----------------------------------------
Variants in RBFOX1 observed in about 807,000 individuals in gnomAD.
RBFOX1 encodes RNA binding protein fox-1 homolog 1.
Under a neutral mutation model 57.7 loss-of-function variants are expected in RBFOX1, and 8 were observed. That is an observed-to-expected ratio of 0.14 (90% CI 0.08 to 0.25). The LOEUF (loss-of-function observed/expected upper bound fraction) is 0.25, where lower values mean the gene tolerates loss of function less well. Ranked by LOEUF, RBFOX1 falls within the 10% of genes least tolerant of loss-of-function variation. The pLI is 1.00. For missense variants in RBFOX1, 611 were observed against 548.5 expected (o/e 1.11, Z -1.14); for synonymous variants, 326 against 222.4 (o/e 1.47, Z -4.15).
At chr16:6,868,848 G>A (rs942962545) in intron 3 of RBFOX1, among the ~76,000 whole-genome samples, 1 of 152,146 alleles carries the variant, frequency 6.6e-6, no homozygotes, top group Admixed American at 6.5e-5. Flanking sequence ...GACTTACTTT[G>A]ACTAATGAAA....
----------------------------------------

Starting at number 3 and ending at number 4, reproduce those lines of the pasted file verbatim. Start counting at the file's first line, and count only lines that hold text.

Under a neutral mutation model 57.7 loss-of-function variants are expected in RBFOX1, and 8 were observed. That is an observed-to-expected ratio of 0.14 (90% CI 0.08 to 0.25). The LOEUF (loss-of-function observed/expected upper bound fraction) is 0.25, where lower values mean the gene tolerates loss of function less well. Ranked by LOEUF, RBFOX1 falls within the 10% of genes least tolerant of loss-of-function variation. The pLI is 1.00. For missense variants in RBFOX1, 611 were observed against 548.5 expected (o/e 1.11, Z -1.14); for synonymous variants, 326 against 222.4 (o/e 1.47, Z -4.15).
At chr16:6,868,848 G>A (rs942962545) in intron 3 of RBFOX1, among the ~76,000 whole-genome samples, 1 of 152,146 alleles carries the variant, frequency 6.6e-6, no homozygotes, top group Admixed American at 6.5e-5. Flanking sequence ...GACTTACTTT[G>A]ACTAATGAAA....